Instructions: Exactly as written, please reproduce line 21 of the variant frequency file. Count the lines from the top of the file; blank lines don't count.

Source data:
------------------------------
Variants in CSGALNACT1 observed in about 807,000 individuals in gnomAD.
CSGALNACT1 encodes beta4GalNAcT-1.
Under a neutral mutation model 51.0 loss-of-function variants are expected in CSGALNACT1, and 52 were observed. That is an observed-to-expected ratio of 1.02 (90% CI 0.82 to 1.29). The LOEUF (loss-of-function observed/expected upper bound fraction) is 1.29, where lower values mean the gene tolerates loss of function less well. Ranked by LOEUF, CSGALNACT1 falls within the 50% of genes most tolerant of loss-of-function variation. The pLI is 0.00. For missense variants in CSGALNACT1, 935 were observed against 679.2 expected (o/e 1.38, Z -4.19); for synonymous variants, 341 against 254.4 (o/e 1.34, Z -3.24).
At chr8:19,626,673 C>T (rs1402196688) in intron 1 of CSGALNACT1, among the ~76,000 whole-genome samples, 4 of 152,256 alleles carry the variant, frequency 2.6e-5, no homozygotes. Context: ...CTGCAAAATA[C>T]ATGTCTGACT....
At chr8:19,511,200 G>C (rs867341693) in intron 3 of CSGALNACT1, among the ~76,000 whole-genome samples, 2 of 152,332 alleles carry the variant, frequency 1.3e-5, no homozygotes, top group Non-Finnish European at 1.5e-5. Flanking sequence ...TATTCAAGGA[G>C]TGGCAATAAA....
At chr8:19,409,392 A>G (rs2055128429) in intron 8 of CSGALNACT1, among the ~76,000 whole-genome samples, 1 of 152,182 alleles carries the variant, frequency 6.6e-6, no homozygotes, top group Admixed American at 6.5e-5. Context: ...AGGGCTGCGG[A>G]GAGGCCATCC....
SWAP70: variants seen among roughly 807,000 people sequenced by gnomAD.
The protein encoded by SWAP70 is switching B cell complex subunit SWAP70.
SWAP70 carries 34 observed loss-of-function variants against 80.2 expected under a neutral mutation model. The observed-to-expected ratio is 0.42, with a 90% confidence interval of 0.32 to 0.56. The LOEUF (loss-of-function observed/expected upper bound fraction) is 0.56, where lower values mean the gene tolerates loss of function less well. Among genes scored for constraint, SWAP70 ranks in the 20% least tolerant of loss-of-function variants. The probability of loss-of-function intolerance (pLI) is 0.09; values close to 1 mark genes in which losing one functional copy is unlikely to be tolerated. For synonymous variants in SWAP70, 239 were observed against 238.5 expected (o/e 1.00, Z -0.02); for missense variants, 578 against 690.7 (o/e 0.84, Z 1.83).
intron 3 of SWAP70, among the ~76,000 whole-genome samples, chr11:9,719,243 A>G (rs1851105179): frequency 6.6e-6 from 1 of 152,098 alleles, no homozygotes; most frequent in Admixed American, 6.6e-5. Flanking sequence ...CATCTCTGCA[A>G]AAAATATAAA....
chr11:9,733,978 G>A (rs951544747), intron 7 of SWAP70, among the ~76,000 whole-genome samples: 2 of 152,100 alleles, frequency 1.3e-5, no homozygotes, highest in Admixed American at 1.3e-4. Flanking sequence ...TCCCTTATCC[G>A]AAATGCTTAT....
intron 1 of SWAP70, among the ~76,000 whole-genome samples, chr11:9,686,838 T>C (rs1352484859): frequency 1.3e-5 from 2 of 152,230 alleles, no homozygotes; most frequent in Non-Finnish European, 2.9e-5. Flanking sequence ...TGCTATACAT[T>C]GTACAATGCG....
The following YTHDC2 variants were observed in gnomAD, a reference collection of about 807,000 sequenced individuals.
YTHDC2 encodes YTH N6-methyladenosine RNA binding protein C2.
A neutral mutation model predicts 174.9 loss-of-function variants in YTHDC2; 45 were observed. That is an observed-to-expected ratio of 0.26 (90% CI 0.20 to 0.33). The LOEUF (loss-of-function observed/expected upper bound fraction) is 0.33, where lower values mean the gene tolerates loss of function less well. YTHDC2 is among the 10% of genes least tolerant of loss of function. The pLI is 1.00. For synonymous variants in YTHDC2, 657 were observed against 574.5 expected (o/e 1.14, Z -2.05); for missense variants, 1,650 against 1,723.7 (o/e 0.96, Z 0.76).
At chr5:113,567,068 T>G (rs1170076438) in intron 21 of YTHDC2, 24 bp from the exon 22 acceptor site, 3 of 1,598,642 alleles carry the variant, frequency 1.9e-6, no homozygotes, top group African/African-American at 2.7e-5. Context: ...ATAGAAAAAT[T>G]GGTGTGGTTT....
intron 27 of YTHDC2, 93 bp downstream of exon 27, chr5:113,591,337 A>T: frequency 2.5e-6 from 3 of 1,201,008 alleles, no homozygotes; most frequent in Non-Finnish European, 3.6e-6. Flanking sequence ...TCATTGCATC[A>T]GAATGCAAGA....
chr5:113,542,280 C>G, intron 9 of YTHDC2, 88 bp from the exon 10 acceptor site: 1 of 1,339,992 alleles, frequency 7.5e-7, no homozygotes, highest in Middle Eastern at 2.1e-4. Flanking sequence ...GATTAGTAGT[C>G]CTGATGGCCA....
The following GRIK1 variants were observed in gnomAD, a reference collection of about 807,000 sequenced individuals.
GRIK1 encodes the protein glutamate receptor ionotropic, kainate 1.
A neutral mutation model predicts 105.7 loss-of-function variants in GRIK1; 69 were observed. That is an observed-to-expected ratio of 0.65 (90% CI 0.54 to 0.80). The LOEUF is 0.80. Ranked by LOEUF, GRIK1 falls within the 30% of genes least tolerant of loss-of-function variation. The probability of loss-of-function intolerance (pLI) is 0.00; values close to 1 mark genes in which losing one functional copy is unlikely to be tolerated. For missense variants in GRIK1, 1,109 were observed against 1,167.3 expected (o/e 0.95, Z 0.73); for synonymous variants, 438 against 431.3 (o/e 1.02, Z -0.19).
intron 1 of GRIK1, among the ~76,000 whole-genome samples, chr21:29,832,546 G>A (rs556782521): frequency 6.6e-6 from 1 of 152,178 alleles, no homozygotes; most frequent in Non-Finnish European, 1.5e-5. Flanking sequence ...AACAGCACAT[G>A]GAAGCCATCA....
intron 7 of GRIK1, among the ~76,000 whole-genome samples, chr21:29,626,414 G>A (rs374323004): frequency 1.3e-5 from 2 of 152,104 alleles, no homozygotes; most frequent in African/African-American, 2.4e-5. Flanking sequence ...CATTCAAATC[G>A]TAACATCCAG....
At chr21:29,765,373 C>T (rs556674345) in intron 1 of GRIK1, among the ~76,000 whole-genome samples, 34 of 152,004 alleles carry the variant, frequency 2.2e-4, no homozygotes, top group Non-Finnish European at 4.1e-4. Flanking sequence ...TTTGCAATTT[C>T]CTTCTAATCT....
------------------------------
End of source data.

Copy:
A neutral mutation model predicts 105.7 loss-of-function variants in GRIK1; 69 were observed. That is an observed-to-expected ratio of 0.65 (90% CI 0.54 to 0.80). The LOEUF is 0.80. Ranked by LOEUF, GRIK1 falls within the 30% of genes least tolerant of loss-of-function variation. The probability of loss-of-function intolerance (pLI) is 0.00; values close to 1 mark genes in which losing one functional copy is unlikely to be tolerated. For missense variants in GRIK1, 1,109 were observed against 1,167.3 expected (o/e 0.95, Z 0.73); for synonymous variants, 438 against 431.3 (o/e 1.02, Z -0.19).